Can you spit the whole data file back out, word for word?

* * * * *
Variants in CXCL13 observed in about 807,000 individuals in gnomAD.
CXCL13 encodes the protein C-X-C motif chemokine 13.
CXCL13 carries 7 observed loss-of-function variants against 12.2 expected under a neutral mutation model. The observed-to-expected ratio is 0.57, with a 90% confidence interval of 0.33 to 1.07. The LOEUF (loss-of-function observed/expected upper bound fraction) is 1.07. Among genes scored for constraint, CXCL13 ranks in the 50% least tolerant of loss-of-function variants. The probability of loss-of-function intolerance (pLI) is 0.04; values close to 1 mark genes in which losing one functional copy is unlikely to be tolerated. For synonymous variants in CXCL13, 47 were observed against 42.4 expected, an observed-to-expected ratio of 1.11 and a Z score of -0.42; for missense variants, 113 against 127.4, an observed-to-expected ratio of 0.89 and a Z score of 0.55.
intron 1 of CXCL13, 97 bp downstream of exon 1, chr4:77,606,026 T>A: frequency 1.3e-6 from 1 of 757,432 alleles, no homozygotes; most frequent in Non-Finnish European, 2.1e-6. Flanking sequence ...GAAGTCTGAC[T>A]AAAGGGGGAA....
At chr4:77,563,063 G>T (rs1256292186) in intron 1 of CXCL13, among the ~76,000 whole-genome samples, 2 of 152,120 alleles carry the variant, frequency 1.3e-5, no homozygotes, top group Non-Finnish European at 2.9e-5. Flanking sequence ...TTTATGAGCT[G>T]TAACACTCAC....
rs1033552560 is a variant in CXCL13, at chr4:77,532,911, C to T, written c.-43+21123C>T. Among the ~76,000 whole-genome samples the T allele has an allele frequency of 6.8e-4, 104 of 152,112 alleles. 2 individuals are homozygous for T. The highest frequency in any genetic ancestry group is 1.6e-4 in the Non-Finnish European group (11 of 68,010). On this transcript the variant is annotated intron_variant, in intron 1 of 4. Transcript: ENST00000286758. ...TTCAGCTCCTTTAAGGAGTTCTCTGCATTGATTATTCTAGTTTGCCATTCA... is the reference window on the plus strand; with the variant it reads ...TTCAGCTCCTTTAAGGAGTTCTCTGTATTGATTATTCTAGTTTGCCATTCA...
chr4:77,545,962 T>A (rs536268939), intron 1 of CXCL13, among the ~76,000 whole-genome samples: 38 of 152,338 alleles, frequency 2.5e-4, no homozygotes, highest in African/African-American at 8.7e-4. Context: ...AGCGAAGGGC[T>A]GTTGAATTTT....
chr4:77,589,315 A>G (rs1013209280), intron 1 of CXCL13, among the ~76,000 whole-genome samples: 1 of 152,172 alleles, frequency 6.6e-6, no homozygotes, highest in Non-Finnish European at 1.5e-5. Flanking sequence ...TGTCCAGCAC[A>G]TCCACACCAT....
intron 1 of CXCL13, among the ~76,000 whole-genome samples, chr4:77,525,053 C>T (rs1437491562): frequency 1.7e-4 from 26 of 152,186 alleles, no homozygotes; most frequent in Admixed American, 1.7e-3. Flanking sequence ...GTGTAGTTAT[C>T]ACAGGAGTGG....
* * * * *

Variants in CXCL13 observed in about 807,000 individuals in gnomAD.
CXCL13 encodes the protein C-X-C motif chemokine 13.
CXCL13 carries 7 observed loss-of-function variants against 12.2 expected under a neutral mutation model. The observed-to-expected ratio is 0.57, with a 90% confidence interval of 0.33 to 1.07. The LOEUF (loss-of-function observed/expected upper bound fraction) is 1.07. Among genes scored for constraint, CXCL13 ranks in the 50% least tolerant of loss-of-function variants. The probability of loss-of-function intolerance (pLI) is 0.04; values close to 1 mark genes in which losing one functional copy is unlikely to be tolerated. For synonymous variants in CXCL13, 47 were observed against 42.4 expected, an observed-to-expected ratio of 1.11 and a Z score of -0.42; for missense variants, 113 against 127.4, an observed-to-expected ratio of 0.89 and a Z score of 0.55.
intron 1 of CXCL13, 97 bp downstream of exon 1, chr4:77,606,026 T>A: frequency 1.3e-6 from 1 of 757,432 alleles, no homozygotes; most frequent in Non-Finnish European, 2.1e-6. Flanking sequence ...GAAGTCTGAC[T>A]AAAGGGGGAA....
At chr4:77,563,063 G>T (rs1256292186) in intron 1 of CXCL13, among the ~76,000 whole-genome samples, 2 of 152,120 alleles carry the variant, frequency 1.3e-5, no homozygotes, top group Non-Finnish European at 2.9e-5. Flanking sequence ...TTTATGAGCT[G>T]TAACACTCAC....
rs1033552560 is a variant in CXCL13, at chr4:77,532,911, C to T, written c.-43+21123C>T. Among the ~76,000 whole-genome samples the T allele has an allele frequency of 6.8e-4, 104 of 152,112 alleles. 2 individuals are homozygous for T. The highest frequency in any genetic ancestry group is 1.6e-4 in the Non-Finnish European group (11 of 68,010). On this transcript the variant is annotated intron_variant, in intron 1 of 4. Transcript: ENST00000286758. ...TTCAGCTCCTTTAAGGAGTTCTCTGCATTGATTATTCTAGTTTGCCATTCA... is the reference window on the plus strand; with the variant it reads ...TTCAGCTCCTTTAAGGAGTTCTCTGTATTGATTATTCTAGTTTGCCATTCA...
chr4:77,545,962 T>A (rs536268939), intron 1 of CXCL13, among the ~76,000 whole-genome samples: 38 of 152,338 alleles, frequency 2.5e-4, no homozygotes, highest in African/African-American at 8.7e-4. Context: ...AGCGAAGGGC[T>A]GTTGAATTTT....
chr4:77,589,315 A>G (rs1013209280), intron 1 of CXCL13, among the ~76,000 whole-genome samples: 1 of 152,172 alleles, frequency 6.6e-6, no homozygotes, highest in Non-Finnish European at 1.5e-5. Flanking sequence ...TGTCCAGCAC[A>G]TCCACACCAT....
intron 1 of CXCL13, among the ~76,000 whole-genome samples, chr4:77,525,053 C>T (rs1437491562): frequency 1.7e-4 from 26 of 152,186 alleles, no homozygotes; most frequent in Admixed American, 1.7e-3. Flanking sequence ...GTGTAGTTAT[C>T]ACAGGAGTGG....